• Carl A. Trocki (1990) Book Title: Opium and Empire: Chinese Society in Colonial Singapore, 1800-1910. Publisher: Cornell University Press. Place of Publication: Ithaca, NY.
  • Thomas D. Reins (2001) Article Title: Opium, State, and Society: China’s Narco-Economy and the Guomindang, 1924-1937. Journal Title: China Review International. Volume: 8. Issue: 2.
  • William O. Walker (1991) Book Title: Opium and Foreign Policy: The Anglo-American Search for Order in Asia, 1912-1954. Publisher: University of North Carolina Press. Place of Publication: Chapel Hill, NC. Journal article by Joshua A. Fogel; China Review International, Vol. 13, 2006.
  • James L. Hevia (2003) Article Title: Opium, Empire and Modern History. Journal Title: China Review International. Volume: 10. Issue: 2.
  • Emdad-Ul Haq (2003) Article Title: Modern China and Opium: A Reader. Journal Title: Pacific Affairs. Volume: 76. Issue: 1.
  • Timothy Brook (2000) Book Title: Opium Regimes: China, Britain, and Japan, 1839-1952. Publisher: University of California Press. Place of Publication: Berkeley, CA.

[1] John Hopkins (1995) Book Title: Opium as an International Problem: The Geneva Conferences Publisher Press. Place of Publication: Baltimore, MD

  • [2] Carl A. Trocki (1990) Book Title: Opium and Empire: Chinese Society in Colonial Singapore, 1800-1910. Publisher: Cornell University Press. Place of Publication: Ithaca, NY.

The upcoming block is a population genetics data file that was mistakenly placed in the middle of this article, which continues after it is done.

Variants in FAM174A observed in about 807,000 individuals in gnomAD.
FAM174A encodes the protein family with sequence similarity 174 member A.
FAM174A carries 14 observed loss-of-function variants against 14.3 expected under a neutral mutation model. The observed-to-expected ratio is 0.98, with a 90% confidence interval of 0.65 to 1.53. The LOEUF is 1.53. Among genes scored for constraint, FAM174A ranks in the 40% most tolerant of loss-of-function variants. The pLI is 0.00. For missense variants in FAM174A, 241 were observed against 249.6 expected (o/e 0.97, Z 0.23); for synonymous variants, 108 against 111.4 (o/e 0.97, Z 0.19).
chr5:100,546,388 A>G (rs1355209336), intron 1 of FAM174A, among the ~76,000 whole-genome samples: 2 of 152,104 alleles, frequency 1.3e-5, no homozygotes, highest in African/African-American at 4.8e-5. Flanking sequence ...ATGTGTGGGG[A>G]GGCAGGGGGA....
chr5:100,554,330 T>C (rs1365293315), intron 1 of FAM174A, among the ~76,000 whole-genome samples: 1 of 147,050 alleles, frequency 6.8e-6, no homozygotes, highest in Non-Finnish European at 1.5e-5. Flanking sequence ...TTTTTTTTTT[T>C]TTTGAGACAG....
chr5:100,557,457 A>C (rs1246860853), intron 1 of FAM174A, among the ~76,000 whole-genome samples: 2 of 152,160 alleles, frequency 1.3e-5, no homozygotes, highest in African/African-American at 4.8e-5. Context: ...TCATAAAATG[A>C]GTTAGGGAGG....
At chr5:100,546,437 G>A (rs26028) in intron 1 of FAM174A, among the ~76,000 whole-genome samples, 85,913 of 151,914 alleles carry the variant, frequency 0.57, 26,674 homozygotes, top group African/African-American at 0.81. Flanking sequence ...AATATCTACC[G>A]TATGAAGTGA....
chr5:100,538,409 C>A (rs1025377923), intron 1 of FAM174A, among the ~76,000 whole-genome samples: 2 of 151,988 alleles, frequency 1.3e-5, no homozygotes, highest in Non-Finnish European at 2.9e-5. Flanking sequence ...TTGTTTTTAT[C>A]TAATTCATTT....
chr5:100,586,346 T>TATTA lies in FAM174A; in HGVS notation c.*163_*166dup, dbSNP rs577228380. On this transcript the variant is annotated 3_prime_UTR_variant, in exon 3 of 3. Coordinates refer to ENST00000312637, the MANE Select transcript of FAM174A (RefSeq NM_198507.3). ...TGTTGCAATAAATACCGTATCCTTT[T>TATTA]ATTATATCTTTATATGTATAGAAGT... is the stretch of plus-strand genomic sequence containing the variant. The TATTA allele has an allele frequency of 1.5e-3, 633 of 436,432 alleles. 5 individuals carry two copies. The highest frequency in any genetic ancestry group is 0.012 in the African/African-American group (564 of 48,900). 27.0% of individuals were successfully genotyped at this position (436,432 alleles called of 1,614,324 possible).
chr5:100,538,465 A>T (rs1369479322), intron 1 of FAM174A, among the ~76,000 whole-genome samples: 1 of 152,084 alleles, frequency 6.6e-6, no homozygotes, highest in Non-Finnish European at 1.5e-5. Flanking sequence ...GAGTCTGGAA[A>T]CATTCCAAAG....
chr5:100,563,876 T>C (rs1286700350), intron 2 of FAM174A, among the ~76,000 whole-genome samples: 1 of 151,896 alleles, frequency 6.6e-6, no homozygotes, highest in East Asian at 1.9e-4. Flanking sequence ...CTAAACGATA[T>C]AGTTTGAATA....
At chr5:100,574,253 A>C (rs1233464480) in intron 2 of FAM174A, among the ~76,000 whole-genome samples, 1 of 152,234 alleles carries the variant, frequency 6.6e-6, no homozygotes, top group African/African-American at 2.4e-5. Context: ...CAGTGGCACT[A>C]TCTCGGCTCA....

[3] Thomas D. Reins (2001) Article Title: Opium, State, and Society: China’s Narco-Economy and the Guomindang, 1924-1937. Journal Title: China Review International. Volume: 8. Issue: 2

  • [4] William O. Walker (1991) Book Title: Opium and Foreign Policy: The Anglo-American Search for Order in Asia, 1912-1954. Publisher: University of North Carolina Press. Place of Publication: Chapel Hill, NC. Journal article by Joshua A. Fogel; China Review International, Vol. 13, 2006.

  • [5] James L. Hevia (2003) Article Title: Opium, Empire and Modern History. Journal Title: China Review International. Volume: 10. Issue: 2.

  • [6] Emdad-Ul Haq (2003) Article Title: Modern China and Opium: A Reader. Journal Title: Pacific Affairs. Volume: 76. Issue: 1.

  • [7] Timothy Brook (2000) Book Title: Opium Regimes: China, Britain, and Japan, 1839-1952. Publisher: University of California Press. Place of Publication: Berkeley, CA.